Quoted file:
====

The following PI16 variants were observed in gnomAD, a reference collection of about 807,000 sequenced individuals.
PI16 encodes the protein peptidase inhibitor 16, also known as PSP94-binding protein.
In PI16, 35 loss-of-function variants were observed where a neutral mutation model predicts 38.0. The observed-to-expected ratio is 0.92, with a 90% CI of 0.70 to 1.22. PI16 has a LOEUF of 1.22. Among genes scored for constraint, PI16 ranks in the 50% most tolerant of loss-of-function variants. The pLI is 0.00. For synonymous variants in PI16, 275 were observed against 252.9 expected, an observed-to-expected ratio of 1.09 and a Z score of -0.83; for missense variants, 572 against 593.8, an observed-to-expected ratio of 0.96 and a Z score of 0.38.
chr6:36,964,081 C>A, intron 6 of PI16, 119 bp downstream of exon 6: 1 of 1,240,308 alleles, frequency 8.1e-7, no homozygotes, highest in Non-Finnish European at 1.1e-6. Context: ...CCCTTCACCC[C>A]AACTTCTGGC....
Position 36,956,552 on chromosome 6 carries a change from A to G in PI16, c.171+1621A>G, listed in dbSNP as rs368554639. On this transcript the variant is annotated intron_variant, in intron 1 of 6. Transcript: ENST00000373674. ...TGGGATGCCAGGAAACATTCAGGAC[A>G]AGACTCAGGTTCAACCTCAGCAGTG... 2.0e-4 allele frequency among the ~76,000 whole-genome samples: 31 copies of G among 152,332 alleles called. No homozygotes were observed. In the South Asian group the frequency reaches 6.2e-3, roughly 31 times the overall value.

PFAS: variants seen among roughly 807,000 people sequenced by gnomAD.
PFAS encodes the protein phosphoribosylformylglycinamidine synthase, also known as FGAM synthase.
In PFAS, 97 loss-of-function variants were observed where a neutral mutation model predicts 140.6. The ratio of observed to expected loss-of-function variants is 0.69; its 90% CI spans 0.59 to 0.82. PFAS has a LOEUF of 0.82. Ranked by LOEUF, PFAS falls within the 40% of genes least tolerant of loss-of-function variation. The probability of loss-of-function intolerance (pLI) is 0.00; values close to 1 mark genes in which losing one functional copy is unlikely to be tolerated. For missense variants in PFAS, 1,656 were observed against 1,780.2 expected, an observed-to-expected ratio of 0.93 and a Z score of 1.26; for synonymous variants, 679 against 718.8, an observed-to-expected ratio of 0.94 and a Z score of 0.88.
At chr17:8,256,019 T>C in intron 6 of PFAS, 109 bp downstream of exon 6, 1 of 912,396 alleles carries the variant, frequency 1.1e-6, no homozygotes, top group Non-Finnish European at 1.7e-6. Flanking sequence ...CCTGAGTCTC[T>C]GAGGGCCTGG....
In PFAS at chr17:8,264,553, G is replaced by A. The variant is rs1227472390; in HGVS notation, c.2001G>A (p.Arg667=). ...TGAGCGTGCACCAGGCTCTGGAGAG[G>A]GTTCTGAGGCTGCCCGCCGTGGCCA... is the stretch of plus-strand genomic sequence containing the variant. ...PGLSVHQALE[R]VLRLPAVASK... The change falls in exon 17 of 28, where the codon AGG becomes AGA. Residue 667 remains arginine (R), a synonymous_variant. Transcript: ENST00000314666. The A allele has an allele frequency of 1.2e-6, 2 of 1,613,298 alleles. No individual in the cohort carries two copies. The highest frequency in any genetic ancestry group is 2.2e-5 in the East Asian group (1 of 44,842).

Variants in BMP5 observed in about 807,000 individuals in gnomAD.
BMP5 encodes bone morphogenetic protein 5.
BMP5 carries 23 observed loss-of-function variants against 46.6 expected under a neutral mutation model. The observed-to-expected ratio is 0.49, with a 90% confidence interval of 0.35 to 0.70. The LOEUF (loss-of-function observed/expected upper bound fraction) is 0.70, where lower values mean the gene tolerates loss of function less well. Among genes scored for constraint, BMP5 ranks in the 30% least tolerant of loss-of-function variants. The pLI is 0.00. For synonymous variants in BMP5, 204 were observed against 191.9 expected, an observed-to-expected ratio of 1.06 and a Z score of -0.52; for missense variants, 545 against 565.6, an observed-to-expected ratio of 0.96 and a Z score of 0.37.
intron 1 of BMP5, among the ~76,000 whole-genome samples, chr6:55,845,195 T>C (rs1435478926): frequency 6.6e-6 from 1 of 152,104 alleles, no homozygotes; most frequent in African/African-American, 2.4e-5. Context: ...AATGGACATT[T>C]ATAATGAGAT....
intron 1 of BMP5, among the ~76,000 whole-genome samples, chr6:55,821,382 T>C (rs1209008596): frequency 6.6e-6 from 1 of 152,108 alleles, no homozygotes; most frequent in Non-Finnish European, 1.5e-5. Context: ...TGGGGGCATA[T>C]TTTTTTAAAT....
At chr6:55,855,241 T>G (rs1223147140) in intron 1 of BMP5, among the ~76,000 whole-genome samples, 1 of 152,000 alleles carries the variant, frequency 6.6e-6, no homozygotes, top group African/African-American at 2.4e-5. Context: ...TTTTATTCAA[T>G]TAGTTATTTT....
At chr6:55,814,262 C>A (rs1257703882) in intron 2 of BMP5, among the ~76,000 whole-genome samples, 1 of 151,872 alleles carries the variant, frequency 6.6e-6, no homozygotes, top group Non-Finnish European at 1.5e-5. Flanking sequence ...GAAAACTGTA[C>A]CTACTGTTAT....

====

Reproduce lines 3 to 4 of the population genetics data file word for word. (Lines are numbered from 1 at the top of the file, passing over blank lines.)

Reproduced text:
In PI16, 35 loss-of-function variants were observed where a neutral mutation model predicts 38.0. The observed-to-expected ratio is 0.92, with a 90% CI of 0.70 to 1.22. PI16 has a LOEUF of 1.22. Among genes scored for constraint, PI16 ranks in the 50% most tolerant of loss-of-function variants. The pLI is 0.00. For synonymous variants in PI16, 275 were observed against 252.9 expected, an observed-to-expected ratio of 1.09 and a Z score of -0.83; for missense variants, 572 against 593.8, an observed-to-expected ratio of 0.96 and a Z score of 0.38.
chr6:36,964,081 C>A, intron 6 of PI16, 119 bp downstream of exon 6: 1 of 1,240,308 alleles, frequency 8.1e-7, no homozygotes, highest in Non-Finnish European at 1.1e-6. Context: ...CCCTTCACCC[C>A]AACTTCTGGC....